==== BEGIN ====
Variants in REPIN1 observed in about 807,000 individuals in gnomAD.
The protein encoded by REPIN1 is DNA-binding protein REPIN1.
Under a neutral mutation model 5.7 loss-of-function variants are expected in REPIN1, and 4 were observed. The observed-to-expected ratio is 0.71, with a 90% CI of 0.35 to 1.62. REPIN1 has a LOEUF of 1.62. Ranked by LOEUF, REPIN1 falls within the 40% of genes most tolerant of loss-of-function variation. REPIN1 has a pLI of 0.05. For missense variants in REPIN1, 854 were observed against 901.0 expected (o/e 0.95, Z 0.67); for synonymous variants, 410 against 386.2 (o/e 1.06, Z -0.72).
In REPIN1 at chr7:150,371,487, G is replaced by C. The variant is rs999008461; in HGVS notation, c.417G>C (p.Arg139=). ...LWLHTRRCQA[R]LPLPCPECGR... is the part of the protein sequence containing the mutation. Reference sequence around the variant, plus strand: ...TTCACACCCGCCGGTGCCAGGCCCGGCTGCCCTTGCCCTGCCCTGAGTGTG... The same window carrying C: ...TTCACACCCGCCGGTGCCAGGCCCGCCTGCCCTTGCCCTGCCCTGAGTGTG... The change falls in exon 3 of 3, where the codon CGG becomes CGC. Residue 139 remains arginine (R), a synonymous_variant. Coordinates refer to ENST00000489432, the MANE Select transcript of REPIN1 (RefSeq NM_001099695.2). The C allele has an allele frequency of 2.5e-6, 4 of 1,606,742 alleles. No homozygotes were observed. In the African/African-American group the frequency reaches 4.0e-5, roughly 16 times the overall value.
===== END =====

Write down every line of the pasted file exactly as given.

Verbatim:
Variants in REPIN1 observed in about 807,000 individuals in gnomAD.
The protein encoded by REPIN1 is DNA-binding protein REPIN1.
Under a neutral mutation model 5.7 loss-of-function variants are expected in REPIN1, and 4 were observed. The observed-to-expected ratio is 0.71, with a 90% CI of 0.35 to 1.62. REPIN1 has a LOEUF of 1.62. Ranked by LOEUF, REPIN1 falls within the 40% of genes most tolerant of loss-of-function variation. REPIN1 has a pLI of 0.05. For missense variants in REPIN1, 854 were observed against 901.0 expected (o/e 0.95, Z 0.67); for synonymous variants, 410 against 386.2 (o/e 1.06, Z -0.72).
In REPIN1 at chr7:150,371,487, G is replaced by C. The variant is rs999008461; in HGVS notation, c.417G>C (p.Arg139=). ...LWLHTRRCQA[R]LPLPCPECGR... is the part of the protein sequence containing the mutation. Reference sequence around the variant, plus strand: ...TTCACACCCGCCGGTGCCAGGCCCGGCTGCCCTTGCCCTGCCCTGAGTGTG... The same window carrying C: ...TTCACACCCGCCGGTGCCAGGCCCGCCTGCCCTTGCCCTGCCCTGAGTGTG... The change falls in exon 3 of 3, where the codon CGG becomes CGC. Residue 139 remains arginine (R), a synonymous_variant. Coordinates refer to ENST00000489432, the MANE Select transcript of REPIN1 (RefSeq NM_001099695.2). The C allele has an allele frequency of 2.5e-6, 4 of 1,606,742 alleles. No homozygotes were observed. In the African/African-American group the frequency reaches 4.0e-5, roughly 16 times the overall value.